U.S. Rep. Henry Brown, who is challenging incumbent Dan Davis for the Berkeley County supervisor's job in next week's GOP primary runoff, scoffed at a Wall Street Journal article Thursday questioning his profit from buying and selling Caterpillar stocks as Congress approved the economic stimulus package.
The article said Brown was one of several congressmen who "placed bets with their own money on the stocks of companies they helped oversee."
"That's a flat lie," Brown said of the article. "It's like I can't strike a match without worrying about who owns the match company."
The article was being e-mailed around the county Thursday, and Davis said his phone had been ringing off the hook.
"At this point, I'd like to reserve comment," he said.
Brown sits on the highways and transit subcommittee of the House transportation and infrastructure committee. He bought Caterpillar shares, "a maker of heavy-construction equipment that benefits from government spending on infrastructure projects," on Jan. 23, 2009, according to the article. The economic-stimulus package was introduced on the House floor three days later. Brown sold his shares Sept. 20 for an estimated profit of about 39 percent, according to the Journal.
The article also lists a number of other congressional committee members "who placed bets with their own money on the stocks of companies they helped oversee." The article noted that no laws or codes of ethics were broken.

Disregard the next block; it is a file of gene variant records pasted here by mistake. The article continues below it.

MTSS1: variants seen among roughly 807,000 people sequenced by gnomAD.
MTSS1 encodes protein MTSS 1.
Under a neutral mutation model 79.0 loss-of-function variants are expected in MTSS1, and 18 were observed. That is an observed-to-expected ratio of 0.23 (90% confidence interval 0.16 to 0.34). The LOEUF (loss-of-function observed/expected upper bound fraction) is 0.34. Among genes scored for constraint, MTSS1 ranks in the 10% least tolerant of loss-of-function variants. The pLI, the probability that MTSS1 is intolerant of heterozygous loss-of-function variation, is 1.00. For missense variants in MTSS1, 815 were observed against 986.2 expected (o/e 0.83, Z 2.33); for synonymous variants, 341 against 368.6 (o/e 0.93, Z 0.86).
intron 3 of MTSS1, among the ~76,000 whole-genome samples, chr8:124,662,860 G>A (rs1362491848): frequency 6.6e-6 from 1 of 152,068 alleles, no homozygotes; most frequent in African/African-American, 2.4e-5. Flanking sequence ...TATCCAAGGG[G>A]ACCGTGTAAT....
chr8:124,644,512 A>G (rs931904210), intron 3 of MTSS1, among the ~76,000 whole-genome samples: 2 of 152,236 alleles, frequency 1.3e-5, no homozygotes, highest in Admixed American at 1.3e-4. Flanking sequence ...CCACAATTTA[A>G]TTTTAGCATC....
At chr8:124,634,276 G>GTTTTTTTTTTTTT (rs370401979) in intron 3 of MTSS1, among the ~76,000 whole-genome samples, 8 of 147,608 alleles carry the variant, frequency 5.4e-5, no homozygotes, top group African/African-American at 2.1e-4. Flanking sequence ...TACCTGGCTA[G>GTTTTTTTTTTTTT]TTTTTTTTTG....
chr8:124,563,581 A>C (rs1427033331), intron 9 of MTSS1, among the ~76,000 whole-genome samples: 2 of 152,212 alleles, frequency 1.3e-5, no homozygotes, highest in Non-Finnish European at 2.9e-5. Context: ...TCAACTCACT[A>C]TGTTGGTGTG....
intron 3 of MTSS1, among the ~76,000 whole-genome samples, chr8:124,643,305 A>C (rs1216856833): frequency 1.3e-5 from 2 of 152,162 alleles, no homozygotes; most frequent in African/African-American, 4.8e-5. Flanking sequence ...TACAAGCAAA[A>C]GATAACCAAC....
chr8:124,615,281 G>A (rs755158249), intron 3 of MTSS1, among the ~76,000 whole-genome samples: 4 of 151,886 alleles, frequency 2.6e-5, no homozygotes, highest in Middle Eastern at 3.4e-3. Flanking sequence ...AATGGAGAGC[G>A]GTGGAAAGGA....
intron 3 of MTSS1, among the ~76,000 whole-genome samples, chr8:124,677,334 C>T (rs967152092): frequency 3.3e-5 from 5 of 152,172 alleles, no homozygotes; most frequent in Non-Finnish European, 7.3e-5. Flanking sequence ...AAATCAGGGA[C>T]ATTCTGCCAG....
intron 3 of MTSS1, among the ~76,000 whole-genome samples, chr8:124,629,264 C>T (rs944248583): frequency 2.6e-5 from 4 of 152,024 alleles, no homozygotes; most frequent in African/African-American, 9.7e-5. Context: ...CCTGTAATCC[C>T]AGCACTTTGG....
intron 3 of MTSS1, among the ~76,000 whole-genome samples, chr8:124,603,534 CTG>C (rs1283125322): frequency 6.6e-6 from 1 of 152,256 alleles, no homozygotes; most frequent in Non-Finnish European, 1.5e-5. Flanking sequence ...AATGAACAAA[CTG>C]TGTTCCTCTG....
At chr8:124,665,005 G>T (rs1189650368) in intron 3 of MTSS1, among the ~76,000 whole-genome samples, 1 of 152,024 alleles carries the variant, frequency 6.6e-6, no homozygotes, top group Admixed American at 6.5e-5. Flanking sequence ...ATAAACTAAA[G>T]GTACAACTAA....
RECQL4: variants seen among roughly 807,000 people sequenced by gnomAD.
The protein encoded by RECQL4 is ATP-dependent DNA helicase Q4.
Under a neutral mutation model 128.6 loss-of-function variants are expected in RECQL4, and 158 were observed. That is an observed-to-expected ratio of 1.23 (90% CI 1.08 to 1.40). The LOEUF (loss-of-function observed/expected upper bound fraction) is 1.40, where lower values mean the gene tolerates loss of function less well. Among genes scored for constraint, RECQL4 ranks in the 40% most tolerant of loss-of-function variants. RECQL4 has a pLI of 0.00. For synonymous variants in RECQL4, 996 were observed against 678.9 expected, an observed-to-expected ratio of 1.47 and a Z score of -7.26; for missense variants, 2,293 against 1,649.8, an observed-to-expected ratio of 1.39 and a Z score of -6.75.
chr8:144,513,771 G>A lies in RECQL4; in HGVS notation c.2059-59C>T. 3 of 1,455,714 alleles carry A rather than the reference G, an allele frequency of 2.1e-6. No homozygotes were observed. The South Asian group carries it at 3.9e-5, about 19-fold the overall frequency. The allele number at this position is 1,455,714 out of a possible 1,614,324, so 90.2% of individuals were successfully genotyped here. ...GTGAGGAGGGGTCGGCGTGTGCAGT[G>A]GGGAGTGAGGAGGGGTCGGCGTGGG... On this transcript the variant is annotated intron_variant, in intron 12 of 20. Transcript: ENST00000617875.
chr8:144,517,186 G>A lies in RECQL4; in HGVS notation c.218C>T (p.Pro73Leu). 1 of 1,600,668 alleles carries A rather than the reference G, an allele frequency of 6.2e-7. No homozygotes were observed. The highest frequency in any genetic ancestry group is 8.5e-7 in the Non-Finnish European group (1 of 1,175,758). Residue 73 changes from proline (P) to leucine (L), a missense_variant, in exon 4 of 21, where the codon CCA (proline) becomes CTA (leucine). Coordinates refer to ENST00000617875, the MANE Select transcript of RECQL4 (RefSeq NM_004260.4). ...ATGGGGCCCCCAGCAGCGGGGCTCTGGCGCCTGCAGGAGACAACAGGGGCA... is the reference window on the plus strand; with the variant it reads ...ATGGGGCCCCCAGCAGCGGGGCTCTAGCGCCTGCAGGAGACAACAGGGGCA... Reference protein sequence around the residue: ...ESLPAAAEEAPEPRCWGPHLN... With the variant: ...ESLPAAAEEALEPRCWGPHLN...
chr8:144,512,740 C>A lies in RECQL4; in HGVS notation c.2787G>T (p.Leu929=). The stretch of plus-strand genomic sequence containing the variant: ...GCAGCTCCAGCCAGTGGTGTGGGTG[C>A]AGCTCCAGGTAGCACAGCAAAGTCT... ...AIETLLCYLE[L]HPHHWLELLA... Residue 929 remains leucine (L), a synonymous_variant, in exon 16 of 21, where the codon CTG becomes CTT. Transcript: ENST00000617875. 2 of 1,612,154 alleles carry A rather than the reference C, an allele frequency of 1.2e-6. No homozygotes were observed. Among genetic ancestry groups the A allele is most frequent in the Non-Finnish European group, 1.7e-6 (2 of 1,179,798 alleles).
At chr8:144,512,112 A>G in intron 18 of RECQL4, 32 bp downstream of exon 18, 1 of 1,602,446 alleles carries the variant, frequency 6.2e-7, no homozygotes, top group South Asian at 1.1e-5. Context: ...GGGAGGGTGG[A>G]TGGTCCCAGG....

Brown said he bought $16,822 worth of Caterpillar stock in January (when it was about $34 a share) and sold it in July for $18,273 (about $37 a share).
The $1,451 profit was 8.6 percent.
The Journal reported the sale as Sept. 20, when Caterpillar stocks were selling at about $50 a share. An accountant apparently wrote down the wrong date on the disclosure form on which the Journal based its article, Brown said. He produced his 2009 tax return as proof of his dates.
"If I had such inside knowledge, I would have held on to them longer, wouldn't I?" Brown said.
Brown also said his committee approved money for road projects but had nothing to do with approving contracts.
"That's a far reach to say I serve on the committee that oversees Caterpillar," Brown said.
Brown also noted that he voted against the stimulus package.